By Rama Singh
War and violence have affected all human civilizations. Ancient nations fought for many reasons, including sheer hatred of each other. Others fought for colonies, wealth and power. Still others fought against colonialism and imperialism. And now we have war against terrorism, against "extremists," jihadists. The jihadists themselves think they are fighting God's war. Every now and then we even hear of just war.
However, in some respect, all wars are culture wars. We may not have a clash of civilizations, but it's not uncommon to hear justification based on differing values.
Contrary to the moral stands offered in justifying a war, we know wars are waged not to fight evils but to fight evildoers, and we are told the evildoers (meaning "enemies") are "uncivilized barbarians." Religion and cultural values often play a big role in the demonization of the enemy - especially in times of war. The role of history, culture, power and injustice do not register in our memory or they fade away quickly.
Culture is generally associated with all that is good in society - art, music, language, literature. Cultivation of high values is the hallmark of a cultured society. This is the nonmaterial basis, the soul, of culture.
Add to this the development of science and technology, the industrialization and the spiralling advance in molecular biology and nanotechnology, and you have crystallized the modern world. This is the material basis of culture.
We generally fail to differentiate between material and nonmaterial sources of culture in our everyday life. The focus is always on the nonmaterial, on inherent potential and heritage; we do not think the material world has anything to do with development of culture.
We all like our own culture. Talk to a person from any part of the world about universal values such as liberty, equality, justice and they would agree with you that these are good things. But you will find them loyal to their own "culture," meaning the culture of their tribes, nations, religions.
Life depends on culture; culture makes us who we are. In "The Naked Ape," the anthropologist Desmond Morris was only talking about the non-hairy "man-ape" as compared to the great apes. In reality, we are naked without culture, naked to the very core of our being. Culture makes us human.
Culture is adaptive, comforting and therefore it can be addictive. We get used to our own culture. Each society develops its own culture, its own addiction. Culture constrains individualism, moral imperatives.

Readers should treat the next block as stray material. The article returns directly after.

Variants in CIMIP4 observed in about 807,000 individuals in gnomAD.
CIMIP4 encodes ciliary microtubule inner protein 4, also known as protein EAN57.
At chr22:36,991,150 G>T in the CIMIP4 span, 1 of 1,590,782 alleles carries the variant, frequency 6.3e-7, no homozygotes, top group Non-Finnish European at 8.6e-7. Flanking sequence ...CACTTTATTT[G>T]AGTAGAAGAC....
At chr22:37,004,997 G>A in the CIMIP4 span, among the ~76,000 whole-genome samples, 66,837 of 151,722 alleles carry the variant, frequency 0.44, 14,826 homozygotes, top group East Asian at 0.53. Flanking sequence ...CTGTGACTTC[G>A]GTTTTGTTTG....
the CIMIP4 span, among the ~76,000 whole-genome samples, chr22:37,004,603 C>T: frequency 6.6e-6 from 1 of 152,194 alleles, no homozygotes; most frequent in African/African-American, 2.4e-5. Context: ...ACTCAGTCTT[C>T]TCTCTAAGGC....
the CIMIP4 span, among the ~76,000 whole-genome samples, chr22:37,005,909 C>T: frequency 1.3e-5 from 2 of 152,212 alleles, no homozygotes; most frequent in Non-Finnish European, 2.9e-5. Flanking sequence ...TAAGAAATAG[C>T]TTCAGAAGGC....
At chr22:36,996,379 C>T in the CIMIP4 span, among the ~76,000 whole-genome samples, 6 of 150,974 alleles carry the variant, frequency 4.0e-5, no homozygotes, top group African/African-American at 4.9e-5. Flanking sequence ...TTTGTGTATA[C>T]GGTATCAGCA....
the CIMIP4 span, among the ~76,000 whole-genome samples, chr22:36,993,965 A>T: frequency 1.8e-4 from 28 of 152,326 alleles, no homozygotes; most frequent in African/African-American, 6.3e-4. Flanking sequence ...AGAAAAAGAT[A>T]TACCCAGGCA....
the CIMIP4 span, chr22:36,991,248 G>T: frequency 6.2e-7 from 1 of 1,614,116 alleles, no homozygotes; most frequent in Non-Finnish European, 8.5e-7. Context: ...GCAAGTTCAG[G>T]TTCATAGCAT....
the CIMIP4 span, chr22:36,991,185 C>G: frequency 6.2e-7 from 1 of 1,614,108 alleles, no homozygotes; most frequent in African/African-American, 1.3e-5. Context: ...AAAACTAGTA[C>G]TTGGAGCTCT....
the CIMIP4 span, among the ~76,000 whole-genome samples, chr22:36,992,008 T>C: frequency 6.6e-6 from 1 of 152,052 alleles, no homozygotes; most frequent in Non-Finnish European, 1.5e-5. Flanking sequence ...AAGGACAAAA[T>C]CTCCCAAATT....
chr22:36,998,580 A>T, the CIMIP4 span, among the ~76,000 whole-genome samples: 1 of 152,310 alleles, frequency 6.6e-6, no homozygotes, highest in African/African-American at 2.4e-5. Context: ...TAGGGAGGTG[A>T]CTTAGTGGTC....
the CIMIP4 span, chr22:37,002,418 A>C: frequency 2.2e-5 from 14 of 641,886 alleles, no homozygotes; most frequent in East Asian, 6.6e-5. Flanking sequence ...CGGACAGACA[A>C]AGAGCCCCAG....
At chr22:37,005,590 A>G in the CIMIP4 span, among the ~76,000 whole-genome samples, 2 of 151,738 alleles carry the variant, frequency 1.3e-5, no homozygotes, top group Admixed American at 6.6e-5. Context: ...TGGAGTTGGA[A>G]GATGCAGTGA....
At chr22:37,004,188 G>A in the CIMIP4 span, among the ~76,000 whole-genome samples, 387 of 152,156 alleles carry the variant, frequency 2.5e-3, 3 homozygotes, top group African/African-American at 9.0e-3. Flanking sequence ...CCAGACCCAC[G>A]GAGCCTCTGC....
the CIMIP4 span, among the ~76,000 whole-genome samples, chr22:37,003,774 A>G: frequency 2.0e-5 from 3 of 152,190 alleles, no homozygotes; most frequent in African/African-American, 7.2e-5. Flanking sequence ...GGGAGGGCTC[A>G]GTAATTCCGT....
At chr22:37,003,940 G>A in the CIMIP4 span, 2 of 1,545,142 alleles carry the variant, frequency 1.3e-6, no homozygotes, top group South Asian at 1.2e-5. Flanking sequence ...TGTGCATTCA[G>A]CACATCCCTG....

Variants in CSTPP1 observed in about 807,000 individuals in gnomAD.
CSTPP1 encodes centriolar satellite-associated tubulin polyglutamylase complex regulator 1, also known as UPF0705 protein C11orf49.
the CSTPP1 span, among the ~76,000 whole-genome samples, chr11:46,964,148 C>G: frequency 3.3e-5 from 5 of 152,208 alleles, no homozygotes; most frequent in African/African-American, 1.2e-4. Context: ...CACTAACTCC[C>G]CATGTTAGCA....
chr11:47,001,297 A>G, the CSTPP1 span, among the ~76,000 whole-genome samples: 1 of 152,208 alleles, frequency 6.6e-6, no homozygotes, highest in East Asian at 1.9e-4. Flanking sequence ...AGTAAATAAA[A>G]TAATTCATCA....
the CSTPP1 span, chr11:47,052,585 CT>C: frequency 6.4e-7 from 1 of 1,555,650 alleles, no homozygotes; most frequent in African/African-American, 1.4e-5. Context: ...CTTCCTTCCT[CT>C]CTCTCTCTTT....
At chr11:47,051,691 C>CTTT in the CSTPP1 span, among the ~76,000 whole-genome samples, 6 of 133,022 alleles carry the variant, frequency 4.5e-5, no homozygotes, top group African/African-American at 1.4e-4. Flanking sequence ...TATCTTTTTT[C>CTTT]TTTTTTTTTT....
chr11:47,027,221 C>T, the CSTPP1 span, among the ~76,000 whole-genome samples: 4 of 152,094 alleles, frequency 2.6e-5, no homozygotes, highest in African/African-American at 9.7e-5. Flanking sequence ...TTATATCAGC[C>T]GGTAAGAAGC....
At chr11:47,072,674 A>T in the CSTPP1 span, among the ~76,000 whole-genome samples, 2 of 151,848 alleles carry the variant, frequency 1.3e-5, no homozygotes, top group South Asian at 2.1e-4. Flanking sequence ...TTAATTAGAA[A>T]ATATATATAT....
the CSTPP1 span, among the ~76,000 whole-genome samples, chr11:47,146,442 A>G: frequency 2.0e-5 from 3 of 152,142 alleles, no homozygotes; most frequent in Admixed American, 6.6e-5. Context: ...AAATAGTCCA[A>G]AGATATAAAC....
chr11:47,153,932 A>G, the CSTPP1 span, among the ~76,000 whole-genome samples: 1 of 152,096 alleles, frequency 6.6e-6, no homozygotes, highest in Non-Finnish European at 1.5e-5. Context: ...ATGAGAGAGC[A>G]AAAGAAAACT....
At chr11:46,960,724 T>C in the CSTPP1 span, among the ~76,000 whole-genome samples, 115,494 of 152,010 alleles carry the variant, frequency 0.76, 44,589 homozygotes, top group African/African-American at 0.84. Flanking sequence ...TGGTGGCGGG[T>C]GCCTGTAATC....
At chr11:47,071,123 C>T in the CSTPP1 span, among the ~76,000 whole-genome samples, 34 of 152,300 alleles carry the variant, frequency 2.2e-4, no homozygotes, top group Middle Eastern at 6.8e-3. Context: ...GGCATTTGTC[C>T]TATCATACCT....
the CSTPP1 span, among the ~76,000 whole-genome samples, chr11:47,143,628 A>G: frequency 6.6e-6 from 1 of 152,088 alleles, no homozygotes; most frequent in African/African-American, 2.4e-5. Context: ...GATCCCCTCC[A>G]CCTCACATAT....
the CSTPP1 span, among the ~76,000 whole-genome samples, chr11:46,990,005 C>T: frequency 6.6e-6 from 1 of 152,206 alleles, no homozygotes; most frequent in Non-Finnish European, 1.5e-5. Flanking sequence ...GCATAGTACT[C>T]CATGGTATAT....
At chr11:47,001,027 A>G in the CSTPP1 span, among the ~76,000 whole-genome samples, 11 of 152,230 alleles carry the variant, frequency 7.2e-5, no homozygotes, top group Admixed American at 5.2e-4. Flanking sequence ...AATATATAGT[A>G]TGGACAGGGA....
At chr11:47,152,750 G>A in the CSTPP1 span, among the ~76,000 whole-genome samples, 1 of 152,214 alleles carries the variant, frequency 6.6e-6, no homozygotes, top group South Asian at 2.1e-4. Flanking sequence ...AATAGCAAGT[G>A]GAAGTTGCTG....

Life is addictive, and just as the body suffers from serious addictions, so can a society or a nation be afflicted with the notion of cultural superiority. The ideology of cultural superiority acts like blinkers and, when mixed with religion, the consequences can be lethal. Our vision becomes narrow; our point of view becomes the right point of view, often the only point of view.
Take for example the attitudes toward wearing the hijab, niqab or burqa. They are more than religious symbols - they serve many purposes and define who you are. On a recent visit to India, I witnessed a sad scene. Not far from my village sits a once-prosperous large town known for its silk fabrics. It has fallen on hard times due to competition from artificial silk from China. Many poor families who made their living from handlooms are forced into begging; this indignity often falls on women. For these women, the niqab or burqa provides a shield between their dignity and the outside world.
Cultural diversity means the same behaviour can have a different meaning. In one culture, we put our head gear on when we enter a place of worship; in another, we take it off. Both are signs of respect.
Unfortunately, head covering has become a political issue. A woman's covered head is seen as a sign of male domination in one culture; an uncovered head a sign of challenge to authority in another. Women are being doubly victimized.
How can we champion universal values?
There is no free choice: Love conflicts with justice, liberty with equality. As Isaiah Berlin pointed out, if we want to develop universal human values, trade-offs may be necessary. Religious harmony, protection of minorities and women's equality are defining issues of our time. We can imagine trade-offs in the sphere of religious practices, but can there be trade-offs in the sphere of women's equality or treatment of minorities?
The world is on a conveyor belt; some hopped on it sooner than others. One hopes universal values would spread from communication, from dispelling fear and building trust. Values cannot be imposed by laws or guns.
Rama Singh is a professor of biology at McMaster University.